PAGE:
3-D printing speeds production of prototyping molds

July 28, 2020
With a new service from DME, molders can submit designs for parts and receive molds for prototyping within days.

By Karen Hanna  

DME service to help injection molders prototype parts more quickly and with less expense is going full-scale.  

Based on part designs submitted by molders, DME now can use a proprietary software program and components of its Master Unit Die (MUD) Quick-Change system to 3-D print mold cores and cavities for installation on its quick-change mold framesThe process takes only a few days, and molders can install or remove molds in minutes, allowing fast transitions  between short runs and full production.  

“If you have a molding machine, you can become a prototype house,” said Mike McCutcheon, a DME product manager.  

Often, he said, molders rely on outside firms and traditional mold makers to produce prototypes. But this process  which includes designing moldssecuring machine time and materials, and producing tooling  can take weeks. And it’s expensive, especially using conventional, all-metal molds.  

“The current process of aluminum prototype molding is time-consuming and costly, especially if the plastic part is subject to multiple revisions in design, which in some cases requires starting the process over and purchasing new plates or inserts and more machine time,” McCutcheon said. By comparison, according to the company, DME’s rapid prototyping program can cut turnaround time by 90 percent and costs by 70 percent. 

Originally introduced at NPE2018, the MUD Quick-Change Prototype Adapter System has so far been available on a case-by-case, custom basis, but DME now is building up stock of standard ear plates, locating pins, support pillars and mold strapsJig plates, replete with pre-drilled holes where 3-D printed cavities can be installed, are available in two sizes: 12 inches by 12 inches, or 12 inches by 15 inches.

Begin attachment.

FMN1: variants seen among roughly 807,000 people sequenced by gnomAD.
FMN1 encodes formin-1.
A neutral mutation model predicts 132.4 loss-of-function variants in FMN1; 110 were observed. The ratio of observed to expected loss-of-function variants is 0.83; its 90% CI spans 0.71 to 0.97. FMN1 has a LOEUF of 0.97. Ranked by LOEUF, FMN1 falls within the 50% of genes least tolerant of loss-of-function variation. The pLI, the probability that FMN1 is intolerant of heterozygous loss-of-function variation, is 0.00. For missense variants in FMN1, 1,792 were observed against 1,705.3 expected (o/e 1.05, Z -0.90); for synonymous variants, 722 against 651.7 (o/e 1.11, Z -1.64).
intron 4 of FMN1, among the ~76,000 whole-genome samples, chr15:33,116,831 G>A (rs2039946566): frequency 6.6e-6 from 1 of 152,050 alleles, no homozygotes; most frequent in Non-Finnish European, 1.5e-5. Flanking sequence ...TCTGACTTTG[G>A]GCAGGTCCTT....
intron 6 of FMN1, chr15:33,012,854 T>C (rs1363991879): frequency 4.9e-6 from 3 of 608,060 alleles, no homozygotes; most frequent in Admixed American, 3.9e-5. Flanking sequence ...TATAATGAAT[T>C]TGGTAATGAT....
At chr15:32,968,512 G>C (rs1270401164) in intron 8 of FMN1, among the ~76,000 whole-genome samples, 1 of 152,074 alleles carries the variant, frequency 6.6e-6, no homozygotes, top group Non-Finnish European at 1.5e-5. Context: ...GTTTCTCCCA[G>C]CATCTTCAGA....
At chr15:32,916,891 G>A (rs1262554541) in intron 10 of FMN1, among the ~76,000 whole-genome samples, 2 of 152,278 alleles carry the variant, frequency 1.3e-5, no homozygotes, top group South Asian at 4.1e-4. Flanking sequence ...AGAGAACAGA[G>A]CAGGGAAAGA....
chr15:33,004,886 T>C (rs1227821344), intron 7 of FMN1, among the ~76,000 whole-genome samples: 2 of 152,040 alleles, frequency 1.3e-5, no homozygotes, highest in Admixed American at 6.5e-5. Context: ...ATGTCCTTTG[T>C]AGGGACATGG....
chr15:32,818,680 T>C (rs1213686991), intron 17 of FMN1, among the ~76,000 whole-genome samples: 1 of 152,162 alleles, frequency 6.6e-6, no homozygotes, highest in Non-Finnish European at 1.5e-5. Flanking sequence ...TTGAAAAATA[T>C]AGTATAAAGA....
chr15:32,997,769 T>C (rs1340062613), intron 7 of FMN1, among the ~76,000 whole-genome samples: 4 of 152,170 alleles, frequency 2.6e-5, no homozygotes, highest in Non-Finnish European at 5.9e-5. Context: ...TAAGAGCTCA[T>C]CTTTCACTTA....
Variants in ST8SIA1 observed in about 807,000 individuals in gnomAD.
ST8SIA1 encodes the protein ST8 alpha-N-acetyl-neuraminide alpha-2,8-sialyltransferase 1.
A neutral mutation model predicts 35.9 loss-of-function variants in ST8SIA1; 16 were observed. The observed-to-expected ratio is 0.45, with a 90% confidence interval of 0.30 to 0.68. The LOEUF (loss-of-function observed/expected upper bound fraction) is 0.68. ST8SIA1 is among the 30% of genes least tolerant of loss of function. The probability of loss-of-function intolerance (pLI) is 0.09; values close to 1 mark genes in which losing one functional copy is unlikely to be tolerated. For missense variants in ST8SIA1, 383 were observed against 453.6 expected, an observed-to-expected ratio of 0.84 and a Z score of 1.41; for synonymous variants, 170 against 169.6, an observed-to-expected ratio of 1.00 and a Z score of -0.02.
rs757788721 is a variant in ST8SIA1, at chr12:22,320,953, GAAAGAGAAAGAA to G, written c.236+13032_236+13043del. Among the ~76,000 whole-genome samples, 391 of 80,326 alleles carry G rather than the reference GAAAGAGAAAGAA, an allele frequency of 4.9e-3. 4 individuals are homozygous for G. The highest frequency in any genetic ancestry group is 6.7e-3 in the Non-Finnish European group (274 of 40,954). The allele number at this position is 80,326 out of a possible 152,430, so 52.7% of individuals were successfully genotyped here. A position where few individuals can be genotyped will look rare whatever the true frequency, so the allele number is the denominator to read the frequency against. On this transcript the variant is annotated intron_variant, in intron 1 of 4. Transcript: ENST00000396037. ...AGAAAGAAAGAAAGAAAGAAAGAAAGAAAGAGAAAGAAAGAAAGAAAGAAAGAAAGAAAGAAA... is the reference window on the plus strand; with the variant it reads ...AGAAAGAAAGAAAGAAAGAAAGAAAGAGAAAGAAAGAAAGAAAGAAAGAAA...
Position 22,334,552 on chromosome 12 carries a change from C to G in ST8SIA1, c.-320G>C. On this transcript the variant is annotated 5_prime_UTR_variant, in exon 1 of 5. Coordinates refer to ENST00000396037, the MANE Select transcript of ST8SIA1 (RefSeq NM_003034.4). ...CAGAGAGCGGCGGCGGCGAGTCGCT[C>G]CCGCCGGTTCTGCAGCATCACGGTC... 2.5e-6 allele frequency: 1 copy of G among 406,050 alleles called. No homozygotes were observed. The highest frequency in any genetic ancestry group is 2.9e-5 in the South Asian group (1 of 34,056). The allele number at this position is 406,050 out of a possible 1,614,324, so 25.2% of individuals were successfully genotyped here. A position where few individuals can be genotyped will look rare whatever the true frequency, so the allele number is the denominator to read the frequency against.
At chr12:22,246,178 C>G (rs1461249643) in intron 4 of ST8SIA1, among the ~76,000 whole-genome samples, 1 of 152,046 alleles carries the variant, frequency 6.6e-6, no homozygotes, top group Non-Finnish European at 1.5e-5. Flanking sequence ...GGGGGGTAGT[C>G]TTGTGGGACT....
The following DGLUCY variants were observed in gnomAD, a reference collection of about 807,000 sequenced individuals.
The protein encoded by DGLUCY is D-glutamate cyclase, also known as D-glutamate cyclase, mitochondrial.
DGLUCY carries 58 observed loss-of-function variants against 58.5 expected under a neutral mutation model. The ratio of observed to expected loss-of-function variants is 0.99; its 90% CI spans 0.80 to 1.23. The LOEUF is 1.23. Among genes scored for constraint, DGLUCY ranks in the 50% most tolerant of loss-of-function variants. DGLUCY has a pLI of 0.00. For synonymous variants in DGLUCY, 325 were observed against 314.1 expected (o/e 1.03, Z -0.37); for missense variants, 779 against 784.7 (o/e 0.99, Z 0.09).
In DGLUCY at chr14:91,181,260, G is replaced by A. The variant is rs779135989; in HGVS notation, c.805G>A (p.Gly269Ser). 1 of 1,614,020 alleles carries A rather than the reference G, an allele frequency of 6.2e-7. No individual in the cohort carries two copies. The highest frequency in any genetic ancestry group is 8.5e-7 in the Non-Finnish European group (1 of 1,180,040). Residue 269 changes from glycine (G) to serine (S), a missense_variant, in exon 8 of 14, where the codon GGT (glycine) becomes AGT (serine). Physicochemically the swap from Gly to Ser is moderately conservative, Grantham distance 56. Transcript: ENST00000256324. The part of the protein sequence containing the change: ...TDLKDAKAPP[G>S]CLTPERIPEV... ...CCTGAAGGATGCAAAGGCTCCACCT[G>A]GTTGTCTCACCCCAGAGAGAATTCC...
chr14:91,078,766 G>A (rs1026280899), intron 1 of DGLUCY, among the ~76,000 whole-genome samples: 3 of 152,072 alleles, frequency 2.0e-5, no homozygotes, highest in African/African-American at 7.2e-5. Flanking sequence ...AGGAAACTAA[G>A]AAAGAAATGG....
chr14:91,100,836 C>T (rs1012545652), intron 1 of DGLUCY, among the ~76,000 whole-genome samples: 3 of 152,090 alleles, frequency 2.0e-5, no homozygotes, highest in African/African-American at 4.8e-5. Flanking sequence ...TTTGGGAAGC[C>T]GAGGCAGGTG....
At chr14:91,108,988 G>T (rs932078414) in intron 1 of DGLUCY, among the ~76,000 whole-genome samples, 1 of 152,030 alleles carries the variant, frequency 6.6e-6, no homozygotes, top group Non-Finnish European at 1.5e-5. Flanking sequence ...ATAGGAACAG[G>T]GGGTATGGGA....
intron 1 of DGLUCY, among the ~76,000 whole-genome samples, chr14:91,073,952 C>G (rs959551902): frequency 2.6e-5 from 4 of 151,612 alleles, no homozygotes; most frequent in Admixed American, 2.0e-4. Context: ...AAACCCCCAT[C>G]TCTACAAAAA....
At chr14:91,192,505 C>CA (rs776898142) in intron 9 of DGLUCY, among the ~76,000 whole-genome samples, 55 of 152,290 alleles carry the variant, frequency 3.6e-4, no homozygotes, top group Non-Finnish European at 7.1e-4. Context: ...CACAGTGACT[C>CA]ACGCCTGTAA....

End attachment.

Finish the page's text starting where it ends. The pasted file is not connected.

“This system allows prototypes to go from design to molded part within five days without the cost of buying aluminum plates and/or inserts to machine the cavity and core of part,” McCutcheon said. 

As part of the MUD system, custom-made cavities are hung from standard frames. A number of styles are available, including frames that accommodate one or more cavities.  

McCutcheon cited the Double H-Frame, which like other MUD components, is designed for versatility; it can accommodate four cavities that all can be swapped out easily. For example, a molder might want to manufacture four Disney characters. The set might include two that are in greater demand. With the Double H-Frame, the molder could rotate through the characters, devoting three cavities to the two most popular toys and the fourth cavity to either of the less-popular characters. This ensures maximum mold uptime, even while giving the molder lots of options in what it’s able to produce batch to batch. 

“The frame remains in the molding machine while the inserts are changed at will,” McCutcheon said. 

Because DME makes cavity cores using 3-D printing, the design and manufacturing process takes just a fraction of the time of traditional mold making. The 3-D-printed plastic components don’t last as long as those made from conventional materials; however, they are resilient enough for prototyping. McCutcheon acknowledged one other possible disadvantage: There’s no ejection system. “Every time you run a shot, you have to physically pull the cavity core apart,” he said. 

But, for molders that wish to land either prototyping work or new jobs based on how quickly and well they can turn around a short run, the system provides convenience and cost benefits. McCutcheon said the MUD Quick-Change Prototype Adapter System might be of interest to manufacturers in the aerospace, automotive, communications, consumer products, industrial, medical, and the robotics and automation industries.  

Karen Hanna, associate editor

[email protected]


DME Co., Madison Heights, Mich., 248-398-6000, www.dme.net 

About the Author

Karen Hanna | Senior Staff Reporter

Senior Staff Reporter Karen Hanna covers injection molding, molds and tooling, processors, workforce and other topics, and writes features including In Other Words and Problem Solved for Plastics Machinery & Manufacturing, Plastics Recycling and The Journal of Blow Molding. She has more than 15 years of experience in daily and magazine journalism.